It matters not who you are, when you become a parent you yearn to see your children succeed in life. What shape that success takes is totally arbitrary to the exception of one thing: Those who find success, or a semblance of their version of it, are those who can intake information visually and learn critical thinking and problem solving skills. They are able to find worth in the books around them, and utilize their worth to their own advantage.

It is our job as a parent to assist those that we bring into this world the opportunities for them to gain the confidence in themselves that they have those skills and can readily use them come what may. By equipping them with the self worth or esteem in their abilities starts out very simply in developing with them the love of reading. That they can look at something, understand it, and gain knowledge to use from it.

Reading strengthens minds and hearts, and widens ones horizons. It allows someone to learn something that they hadn’t known before. It informs them of what is happening around them and what others are trying to communicate to them. More importantly, it allows the one who likes to read a method to which they can improve their understanding, and grow their current standing in what they feel to be vital to their success. Instilling in our little ones the yearning to continue to add to their knowledge so that wisdom may spring from their exercise of it is key.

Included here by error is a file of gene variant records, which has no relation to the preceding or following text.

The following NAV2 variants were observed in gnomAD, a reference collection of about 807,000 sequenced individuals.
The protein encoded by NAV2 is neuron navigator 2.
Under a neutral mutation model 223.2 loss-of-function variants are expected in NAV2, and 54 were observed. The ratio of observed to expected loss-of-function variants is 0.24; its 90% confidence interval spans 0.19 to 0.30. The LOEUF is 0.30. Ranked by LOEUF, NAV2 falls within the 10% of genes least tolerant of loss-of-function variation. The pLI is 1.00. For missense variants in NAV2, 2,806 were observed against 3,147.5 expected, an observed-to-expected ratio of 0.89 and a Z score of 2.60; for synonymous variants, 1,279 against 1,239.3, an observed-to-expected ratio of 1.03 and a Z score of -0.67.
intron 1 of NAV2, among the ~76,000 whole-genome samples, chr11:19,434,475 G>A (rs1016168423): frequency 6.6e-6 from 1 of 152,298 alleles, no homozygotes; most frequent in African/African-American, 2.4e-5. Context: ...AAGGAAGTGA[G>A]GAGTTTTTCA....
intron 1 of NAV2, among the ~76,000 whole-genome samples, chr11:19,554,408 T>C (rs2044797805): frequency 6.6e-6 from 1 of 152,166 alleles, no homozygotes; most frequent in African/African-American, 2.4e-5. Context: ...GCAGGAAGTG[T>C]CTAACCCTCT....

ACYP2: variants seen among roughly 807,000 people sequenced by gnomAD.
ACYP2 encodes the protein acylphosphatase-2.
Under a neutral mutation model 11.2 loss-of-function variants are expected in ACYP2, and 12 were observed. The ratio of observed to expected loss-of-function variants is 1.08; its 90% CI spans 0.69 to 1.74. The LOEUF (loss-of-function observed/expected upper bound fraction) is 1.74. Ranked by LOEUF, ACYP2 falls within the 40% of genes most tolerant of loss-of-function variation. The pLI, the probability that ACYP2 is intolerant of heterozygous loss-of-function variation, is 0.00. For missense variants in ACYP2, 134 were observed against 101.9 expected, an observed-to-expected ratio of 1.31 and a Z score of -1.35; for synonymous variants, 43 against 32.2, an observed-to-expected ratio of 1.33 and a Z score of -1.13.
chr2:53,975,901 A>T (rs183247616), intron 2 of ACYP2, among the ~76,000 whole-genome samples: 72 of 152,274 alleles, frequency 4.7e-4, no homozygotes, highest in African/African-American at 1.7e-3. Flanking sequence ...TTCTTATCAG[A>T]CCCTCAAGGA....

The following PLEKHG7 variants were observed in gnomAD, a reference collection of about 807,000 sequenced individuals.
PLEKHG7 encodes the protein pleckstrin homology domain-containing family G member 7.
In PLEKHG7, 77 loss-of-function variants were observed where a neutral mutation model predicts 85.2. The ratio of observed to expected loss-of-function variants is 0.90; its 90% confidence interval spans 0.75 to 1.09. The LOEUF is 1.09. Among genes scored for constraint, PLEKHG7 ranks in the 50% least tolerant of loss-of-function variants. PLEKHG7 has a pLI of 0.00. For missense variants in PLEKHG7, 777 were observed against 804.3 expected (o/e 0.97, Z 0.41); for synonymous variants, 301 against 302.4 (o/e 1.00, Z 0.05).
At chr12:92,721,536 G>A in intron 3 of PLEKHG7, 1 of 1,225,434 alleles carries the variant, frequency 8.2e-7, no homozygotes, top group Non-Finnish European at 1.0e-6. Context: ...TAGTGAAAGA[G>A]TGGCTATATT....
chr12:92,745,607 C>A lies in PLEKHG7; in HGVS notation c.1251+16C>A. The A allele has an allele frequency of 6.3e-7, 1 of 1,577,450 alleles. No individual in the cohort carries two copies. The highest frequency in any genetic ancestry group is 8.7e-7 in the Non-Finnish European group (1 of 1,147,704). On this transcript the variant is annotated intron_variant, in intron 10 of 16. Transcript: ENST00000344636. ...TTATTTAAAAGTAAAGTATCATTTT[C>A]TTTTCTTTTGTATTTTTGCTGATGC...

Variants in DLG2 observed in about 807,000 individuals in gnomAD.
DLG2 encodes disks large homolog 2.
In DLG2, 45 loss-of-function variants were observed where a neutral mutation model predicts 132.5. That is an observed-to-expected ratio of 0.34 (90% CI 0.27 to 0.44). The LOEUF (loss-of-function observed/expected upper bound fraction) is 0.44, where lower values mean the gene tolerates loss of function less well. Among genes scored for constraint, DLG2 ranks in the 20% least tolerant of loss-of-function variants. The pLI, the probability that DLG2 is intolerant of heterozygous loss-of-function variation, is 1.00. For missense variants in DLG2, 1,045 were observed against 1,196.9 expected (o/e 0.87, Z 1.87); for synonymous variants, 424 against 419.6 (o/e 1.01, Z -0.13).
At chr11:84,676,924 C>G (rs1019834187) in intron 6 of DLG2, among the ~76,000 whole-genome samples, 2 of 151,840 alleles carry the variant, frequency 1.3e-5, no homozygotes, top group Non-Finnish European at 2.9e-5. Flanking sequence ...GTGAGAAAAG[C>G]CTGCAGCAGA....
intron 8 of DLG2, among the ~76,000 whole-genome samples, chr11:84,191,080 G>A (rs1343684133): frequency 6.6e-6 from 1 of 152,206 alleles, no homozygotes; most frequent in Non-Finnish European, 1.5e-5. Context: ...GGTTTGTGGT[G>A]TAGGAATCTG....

While some kids have a predisposition for reading, others need constant encouragement to read. This encouragement is not a difficult thing to implement in your family. It takes only a half an hour a day, or more if you wish. First of all, show your kids reading is important to you. This is not something that you can simply tell them. They must see you reading for enjoyment and information purposes. Then when they ask you a question, show them also how they too could find the answer and show them the process of gathering the information wanted whether it be by a hardcopy book, or an online page. Let them get the experience by guiding them through finding it.

Second, limit the screen time for watching videos. On TV or the computer, tablet or phone this type of activity is a passive one. It tends to turn off the brain, and the critical thinking skills they have. The world is trying to bottle-feed its warped information and entertainment to them, and it is extremely difficult, if not impossible, to sift out the good from the bad in that form. It is important to give your children the gift of discernment when it comes to what they turn to for entertainment.